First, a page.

When on road trips, my
friends, family, and I occasionally play a fun game we call Caboose. I'm not
sure where it comes from since a quick googling revealed
nothing, but it's enough of a kick to share with others. It combines spelling,
memory, strategy, and vocabulary, and for us at least often sparks other
conversations around the core game, which is part of the point.
The basic idea
Players create long "train
s" of word
s, trying to neither repeat words
nor end the train. Players create trains by speaking words in turn whose first
s are the same as the last letter of the prior word. For example:
" could be followed by "e
vince" or any
word beginning in "e." Since trains (archetypically) end with a
caboose, if a player speaks a word ending with the letter "c," e.g.
"archaic", the next player speaks the word "caboose," which
ends the current train. In this case, the player who ended a word with
"c" is punished, not the one who spoke "caboose."
To be extremely
explicit, a very short example of a train follows.
- estuary - yeoman - nether - row - wander - rich - helic
(oops) - caboose
Depending on the chosen
options for the game as well as the number and skill of players, games can last
between 15 minutes and 2 hours. The minimum number of players is two. The
maximum number of players is only limited by pragmatic concerns, such as
ability to hear one another.
What you'll need
The basic version of the game can be equipmentless. That said, certain
things are made easier with certain stuff. Arbitration
can be made easier with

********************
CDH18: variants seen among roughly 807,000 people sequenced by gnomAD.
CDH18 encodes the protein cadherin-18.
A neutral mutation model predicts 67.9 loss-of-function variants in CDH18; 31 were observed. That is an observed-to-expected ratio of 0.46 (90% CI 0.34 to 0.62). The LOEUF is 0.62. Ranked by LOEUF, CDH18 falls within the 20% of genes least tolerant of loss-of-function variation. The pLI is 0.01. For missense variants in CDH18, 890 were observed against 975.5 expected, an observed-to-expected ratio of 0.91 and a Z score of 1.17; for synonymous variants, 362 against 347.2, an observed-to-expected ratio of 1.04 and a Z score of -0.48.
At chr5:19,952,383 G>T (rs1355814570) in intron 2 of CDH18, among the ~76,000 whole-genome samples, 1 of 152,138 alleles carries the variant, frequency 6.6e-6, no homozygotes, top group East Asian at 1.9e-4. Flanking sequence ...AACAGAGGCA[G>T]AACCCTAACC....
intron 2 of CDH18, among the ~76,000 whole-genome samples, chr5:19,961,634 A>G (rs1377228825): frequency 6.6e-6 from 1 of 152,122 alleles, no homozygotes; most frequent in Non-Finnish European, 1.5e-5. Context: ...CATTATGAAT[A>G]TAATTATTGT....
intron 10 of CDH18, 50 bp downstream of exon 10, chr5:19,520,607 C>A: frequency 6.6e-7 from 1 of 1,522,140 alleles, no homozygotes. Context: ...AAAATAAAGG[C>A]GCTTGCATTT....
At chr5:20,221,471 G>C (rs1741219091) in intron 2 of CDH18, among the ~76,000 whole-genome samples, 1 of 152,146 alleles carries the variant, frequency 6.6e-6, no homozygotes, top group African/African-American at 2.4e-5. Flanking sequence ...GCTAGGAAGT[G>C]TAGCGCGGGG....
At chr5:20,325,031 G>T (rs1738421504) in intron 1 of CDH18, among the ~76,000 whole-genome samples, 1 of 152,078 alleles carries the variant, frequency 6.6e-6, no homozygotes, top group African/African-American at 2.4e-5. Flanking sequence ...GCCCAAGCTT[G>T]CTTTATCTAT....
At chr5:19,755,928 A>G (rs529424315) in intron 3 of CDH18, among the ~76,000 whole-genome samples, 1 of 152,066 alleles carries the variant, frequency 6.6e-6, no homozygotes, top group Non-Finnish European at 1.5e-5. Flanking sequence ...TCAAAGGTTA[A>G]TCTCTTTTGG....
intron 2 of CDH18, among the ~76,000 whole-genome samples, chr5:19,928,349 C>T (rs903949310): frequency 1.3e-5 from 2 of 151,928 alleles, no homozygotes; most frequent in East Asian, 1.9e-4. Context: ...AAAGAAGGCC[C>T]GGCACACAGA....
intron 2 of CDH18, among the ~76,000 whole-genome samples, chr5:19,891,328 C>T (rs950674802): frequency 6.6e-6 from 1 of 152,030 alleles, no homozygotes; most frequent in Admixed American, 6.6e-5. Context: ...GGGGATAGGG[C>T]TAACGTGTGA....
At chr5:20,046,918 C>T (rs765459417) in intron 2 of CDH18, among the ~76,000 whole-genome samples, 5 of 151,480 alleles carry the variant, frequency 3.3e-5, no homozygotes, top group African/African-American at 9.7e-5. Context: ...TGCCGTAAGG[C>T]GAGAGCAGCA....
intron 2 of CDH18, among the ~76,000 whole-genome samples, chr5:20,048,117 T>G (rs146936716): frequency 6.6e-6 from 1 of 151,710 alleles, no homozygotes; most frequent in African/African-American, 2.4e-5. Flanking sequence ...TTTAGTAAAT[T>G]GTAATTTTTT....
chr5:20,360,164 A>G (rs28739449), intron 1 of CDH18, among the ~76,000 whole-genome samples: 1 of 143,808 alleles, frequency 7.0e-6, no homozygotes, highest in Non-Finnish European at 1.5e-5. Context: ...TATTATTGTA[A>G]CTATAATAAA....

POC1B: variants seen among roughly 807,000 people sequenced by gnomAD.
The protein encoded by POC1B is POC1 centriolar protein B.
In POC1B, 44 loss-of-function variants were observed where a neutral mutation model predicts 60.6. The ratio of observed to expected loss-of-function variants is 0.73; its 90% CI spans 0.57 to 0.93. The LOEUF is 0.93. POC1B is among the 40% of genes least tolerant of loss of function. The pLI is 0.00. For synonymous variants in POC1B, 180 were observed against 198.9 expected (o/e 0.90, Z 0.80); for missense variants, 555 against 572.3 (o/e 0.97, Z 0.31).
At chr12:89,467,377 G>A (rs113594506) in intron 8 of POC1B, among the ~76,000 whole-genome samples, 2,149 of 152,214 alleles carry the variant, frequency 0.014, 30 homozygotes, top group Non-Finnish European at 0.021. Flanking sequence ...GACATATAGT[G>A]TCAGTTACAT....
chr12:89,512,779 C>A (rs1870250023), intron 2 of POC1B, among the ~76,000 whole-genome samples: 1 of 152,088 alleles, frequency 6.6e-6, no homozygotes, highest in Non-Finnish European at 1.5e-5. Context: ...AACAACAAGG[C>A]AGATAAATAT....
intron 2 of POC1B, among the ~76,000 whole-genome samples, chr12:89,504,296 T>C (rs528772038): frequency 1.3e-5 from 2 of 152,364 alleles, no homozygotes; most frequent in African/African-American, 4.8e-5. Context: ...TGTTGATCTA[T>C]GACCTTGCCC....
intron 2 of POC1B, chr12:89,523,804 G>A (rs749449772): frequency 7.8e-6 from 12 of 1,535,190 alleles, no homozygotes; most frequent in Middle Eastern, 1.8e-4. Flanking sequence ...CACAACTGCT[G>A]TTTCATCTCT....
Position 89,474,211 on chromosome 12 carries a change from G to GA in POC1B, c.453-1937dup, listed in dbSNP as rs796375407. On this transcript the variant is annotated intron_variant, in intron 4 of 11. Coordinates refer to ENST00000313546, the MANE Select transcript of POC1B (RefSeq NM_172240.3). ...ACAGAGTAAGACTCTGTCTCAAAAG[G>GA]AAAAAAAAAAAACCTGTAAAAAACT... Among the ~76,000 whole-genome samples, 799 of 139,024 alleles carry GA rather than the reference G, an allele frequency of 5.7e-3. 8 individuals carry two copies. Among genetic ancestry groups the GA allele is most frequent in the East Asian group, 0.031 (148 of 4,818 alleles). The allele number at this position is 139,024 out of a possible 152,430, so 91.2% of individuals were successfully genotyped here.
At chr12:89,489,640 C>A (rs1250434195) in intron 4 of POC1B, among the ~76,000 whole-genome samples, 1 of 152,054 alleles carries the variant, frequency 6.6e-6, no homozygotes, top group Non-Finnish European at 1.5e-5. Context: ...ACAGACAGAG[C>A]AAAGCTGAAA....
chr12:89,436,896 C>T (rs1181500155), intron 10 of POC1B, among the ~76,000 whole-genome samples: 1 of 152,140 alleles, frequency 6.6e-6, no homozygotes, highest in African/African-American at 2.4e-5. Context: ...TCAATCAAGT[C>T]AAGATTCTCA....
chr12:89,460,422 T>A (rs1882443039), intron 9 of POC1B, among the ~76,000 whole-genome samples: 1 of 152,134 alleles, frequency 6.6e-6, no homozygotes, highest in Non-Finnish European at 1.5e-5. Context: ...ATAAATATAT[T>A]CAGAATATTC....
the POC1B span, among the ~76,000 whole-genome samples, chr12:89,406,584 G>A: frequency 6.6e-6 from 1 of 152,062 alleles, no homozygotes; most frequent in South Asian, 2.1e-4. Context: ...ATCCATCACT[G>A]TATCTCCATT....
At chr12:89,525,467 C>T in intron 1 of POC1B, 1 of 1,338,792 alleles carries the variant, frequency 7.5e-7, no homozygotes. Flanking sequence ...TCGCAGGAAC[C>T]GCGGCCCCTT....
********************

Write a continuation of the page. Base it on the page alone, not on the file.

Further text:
. Markers (discussed below under Options
) can help keep score
these can be anything you have handy. Paper and pen/pencil are needed if you
have a documentarian
Beginning the game
establish an order
. We like to establish the person with the next
(a strategy happily borrowed from the board game Cranium
™) as the first
player and continue clockwise. The first player speaks the word
"engine" and the second player begins from there.
Winning the game
Each player begins the game with three
"lives." The last player with one or more lives remaining wins the
game. A player loses a life in one of three ways.
- A player repeats a word that has already been spoken in the
- A player speaks a word that doesn't chain correctly, e.g.
following "milo" with "wan."
- A player speaks a word that ends in the letter "c." Note
that this omits the 5.13% of English words ending in c
and the 8.62% of words that begin with c from being used.
These may look like a lot, but most of them are intuitive, and those that aren’t are edge case
s that help mitigate the many-to-many
relationships of the complex idea--word--sound combinations in human language
- Only single words are permitted. Contractions, word phrases, and acronyms are
- Proper nouns are not allowed. Players accidentally using proper
nouns are not penalized, but must select a new word.
- Non-English words (or whatever the chosen language) are not
allowed. Players accidentally using non-English words are not penalized, but
must select a new word. Since the "foreignness" of a word can be in
question, e.g. "biscotti", it is useful to have a dictionary on hand
that acts as the final arbiter. In the absence of a
dictionary, we rely on a few convincing arguments followed by a vote.
- Alternate spellings are permissible, such as "theatre"
and "theater" as long as they are still accepted English spellings.
Such spelling variances adhere to the rules of homophones, above.
- Simple homonyms such as "quail" the verb and "quail" the noun, and homographs are disallowed in the same train.
- Homographs such as "bow" the verb and "bow" the noun, are disallowed in the same train.
- Each meaning-spelling of a homophone may be used in the same
train. For example, if the word "right" was already used in the
current train, the word "write" is still permissable.
- If a word is repeated, the offending player loses a life, but the
word still counts. The next player must still chain to the repeated word.
- If a word is chained incorrectly, as in the "wan"
example above, the offending player loses a life, but again, the word still